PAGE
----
Filth and filth

I was going to call this post “Giant Tit Spotted on Offramp to Herald Place.” But this is a family blog, and “tit” is one of the Seven Words You Can’t Say on Family Blogs, so I didn’t. Instead, I’m going to try, in the spirit of the late George Carlin, to analyze filth at length. And we have a filth problem in Syracuse: perhaps we don’t have enough of it.

Here are two standup guys doing Syracuse a good turn and hoping to make a difference. A couple months ago, they cleaned the offramp to Herald Place in less than 20 minutes and made a high quality video to explain and publicize the problem. If we had just 50 more volunteers like them we could probably clean up Syracuse for a whole weekend… if everyone could just get their schedules together. Maybe our elected leaders would strive to live up to the dedication of our citizens, and understand they need to give Syracuse the beautification commission it really deserves.

What would Carlin have said? He would have said “Bleep that bleep.” I didn’t always agree with him, but he always made me think.

Sadly, nobody in power takes the broad daylight approach seriously. Don’t get me wrong: They should take it seriously. And they do, but they don’t. The intellect says “Yes, yes,” but the political will just rolls over and falls asleep. Now, if I was a DPW crew manager controlled by whatever strings control whoever makes whatever phone calls, I have to be honest and say I’d be watching these guys and admiring their work, because they just did my work for me — work I’m under contract to do, except no one thinks it’s their job to schedule the work in a coordinated manner.

Here’s a new suggestion: maybe we should stop sending mature men to do a boy’s work. Because putting trash into a Hefty bag is probably not the only thing you can legally or constructively do with it. And no, I’m not just talking about creating graffiti out of pre-existing dirt. I’m not just talking about kudzu topiaries of questionable taste. I’m talking giant genitalia made of garbage. The more embarrassing to middle-class sensibilities, the better.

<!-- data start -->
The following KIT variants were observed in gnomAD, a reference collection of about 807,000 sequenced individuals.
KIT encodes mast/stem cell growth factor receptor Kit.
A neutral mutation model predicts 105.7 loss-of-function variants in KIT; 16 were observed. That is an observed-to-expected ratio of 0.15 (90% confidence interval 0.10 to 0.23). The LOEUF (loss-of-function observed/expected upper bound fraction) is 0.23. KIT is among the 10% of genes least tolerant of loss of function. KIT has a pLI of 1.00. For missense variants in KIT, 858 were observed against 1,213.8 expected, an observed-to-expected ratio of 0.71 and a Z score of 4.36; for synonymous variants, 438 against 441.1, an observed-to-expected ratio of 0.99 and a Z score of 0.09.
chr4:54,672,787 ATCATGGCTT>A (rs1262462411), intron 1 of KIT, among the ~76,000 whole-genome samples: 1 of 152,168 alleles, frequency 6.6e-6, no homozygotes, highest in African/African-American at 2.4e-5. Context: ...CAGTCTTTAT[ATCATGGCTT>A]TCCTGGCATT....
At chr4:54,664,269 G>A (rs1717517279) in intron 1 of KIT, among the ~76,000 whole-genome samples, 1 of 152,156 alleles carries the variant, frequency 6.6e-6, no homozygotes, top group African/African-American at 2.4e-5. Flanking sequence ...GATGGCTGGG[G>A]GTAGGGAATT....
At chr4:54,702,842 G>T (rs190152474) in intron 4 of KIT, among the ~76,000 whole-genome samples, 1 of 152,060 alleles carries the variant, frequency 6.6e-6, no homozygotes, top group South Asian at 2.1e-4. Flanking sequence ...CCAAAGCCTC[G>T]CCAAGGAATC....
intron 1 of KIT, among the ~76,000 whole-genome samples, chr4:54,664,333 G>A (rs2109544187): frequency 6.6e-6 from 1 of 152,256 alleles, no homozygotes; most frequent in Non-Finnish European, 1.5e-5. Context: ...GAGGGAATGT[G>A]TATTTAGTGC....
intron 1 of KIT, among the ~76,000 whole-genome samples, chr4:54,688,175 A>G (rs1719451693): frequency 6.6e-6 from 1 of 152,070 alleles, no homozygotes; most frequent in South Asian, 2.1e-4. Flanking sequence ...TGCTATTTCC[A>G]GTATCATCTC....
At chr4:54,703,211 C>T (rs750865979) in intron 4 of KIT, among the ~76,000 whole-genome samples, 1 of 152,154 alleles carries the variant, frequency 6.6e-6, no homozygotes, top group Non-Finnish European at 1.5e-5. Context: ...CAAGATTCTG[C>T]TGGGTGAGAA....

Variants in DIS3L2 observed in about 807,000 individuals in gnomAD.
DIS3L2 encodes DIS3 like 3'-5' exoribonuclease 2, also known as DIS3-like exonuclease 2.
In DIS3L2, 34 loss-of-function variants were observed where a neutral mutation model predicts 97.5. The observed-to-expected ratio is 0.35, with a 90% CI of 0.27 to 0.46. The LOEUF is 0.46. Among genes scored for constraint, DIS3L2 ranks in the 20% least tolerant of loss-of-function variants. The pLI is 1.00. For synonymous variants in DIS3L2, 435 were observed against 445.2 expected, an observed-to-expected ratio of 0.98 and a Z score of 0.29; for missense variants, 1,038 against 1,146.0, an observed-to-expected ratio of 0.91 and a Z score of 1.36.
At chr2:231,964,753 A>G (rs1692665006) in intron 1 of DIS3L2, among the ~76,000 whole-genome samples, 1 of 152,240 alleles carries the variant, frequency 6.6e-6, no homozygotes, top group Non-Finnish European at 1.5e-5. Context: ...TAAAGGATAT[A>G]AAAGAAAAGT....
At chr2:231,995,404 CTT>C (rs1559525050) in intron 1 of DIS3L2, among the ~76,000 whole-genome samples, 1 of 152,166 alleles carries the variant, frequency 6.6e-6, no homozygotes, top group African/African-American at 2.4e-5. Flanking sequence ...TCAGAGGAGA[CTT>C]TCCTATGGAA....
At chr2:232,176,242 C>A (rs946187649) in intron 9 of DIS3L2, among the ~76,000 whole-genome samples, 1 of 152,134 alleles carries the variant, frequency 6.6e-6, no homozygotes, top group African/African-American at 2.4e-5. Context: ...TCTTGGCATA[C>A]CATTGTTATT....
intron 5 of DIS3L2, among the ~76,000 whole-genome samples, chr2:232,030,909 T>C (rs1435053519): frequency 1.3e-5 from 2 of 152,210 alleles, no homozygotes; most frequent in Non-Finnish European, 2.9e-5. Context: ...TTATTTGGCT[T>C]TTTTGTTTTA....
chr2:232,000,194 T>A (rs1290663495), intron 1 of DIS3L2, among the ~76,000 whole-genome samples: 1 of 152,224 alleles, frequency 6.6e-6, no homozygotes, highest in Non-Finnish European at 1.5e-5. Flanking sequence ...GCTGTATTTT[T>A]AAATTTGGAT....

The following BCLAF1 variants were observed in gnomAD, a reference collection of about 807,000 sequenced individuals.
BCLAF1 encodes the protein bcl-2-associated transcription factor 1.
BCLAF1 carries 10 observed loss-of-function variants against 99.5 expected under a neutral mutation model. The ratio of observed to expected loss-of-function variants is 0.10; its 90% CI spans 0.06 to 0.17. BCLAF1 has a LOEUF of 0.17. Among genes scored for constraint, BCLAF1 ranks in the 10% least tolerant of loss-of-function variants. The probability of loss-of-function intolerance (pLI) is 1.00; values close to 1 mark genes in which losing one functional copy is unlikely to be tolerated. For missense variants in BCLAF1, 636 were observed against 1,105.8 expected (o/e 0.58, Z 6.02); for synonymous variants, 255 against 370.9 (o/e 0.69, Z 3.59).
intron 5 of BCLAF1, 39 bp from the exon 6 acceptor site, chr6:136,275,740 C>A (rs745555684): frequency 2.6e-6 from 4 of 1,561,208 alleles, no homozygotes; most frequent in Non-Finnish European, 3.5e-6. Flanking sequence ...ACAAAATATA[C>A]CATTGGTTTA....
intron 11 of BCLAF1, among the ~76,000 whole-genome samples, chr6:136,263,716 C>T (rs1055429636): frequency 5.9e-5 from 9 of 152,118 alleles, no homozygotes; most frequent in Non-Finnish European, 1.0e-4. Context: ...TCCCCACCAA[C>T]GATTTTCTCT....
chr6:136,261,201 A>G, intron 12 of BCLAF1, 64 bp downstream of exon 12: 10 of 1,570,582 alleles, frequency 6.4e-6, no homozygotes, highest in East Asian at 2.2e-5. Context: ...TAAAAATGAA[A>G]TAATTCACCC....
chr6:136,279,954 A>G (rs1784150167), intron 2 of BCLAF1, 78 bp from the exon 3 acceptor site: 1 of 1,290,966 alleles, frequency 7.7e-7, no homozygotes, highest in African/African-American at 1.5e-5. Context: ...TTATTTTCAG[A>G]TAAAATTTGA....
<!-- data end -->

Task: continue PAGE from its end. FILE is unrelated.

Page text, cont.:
Now, I’m sure someone would have to research the precise legalities of picking up multiple fragments of pre-thrown trash and just mistakenly dropping them into a suggestive shape (you can’t just go off half-cocked). But, lest anyone think my suggestion just comes from the blue, let’s take a quick look at the recent history of art, trash and filth in our fair city, and ask a couple questions — here respectfully submitted:

Question One: Why was a giant insect recently made out of trash and safely displayed at Lipe Art Park? I mean, that’s a cute idea. And Lipe is a very public space. The “Litter Bug” is not all that provocative, however. Alas, it is just not filthy enough. Could we do even better worse?

Question Two: Why was provocative (some might say obscene) art recently put on display at one of our city’s spanking new art galleries for the wine and cheese set — where it arguably couldn’t do the local masses any practical good? There is most certainly a niche for provocative art in Syracuse — but some of the artists tasked with the mission of saving Syracuse don’t seem to want to take advantage of the abundance of free on-site materials just sitting in empty, high-traffic public spaces that have a big potential audience just driving by each morning. (Explain that one to me — without using the word “grant.”)

I have no answers, but it’s disheartening to watch all of these good people making earnest efforts at doing something truly worthwhile in Syracuse, yet just orbiting around each other, and never connecting. There’s civic spirit, there’s imagination, there’s boldness, but there’s just something keeping all these ingredients from reacting with one another and creating something that penetrates the consciousness of those in charge.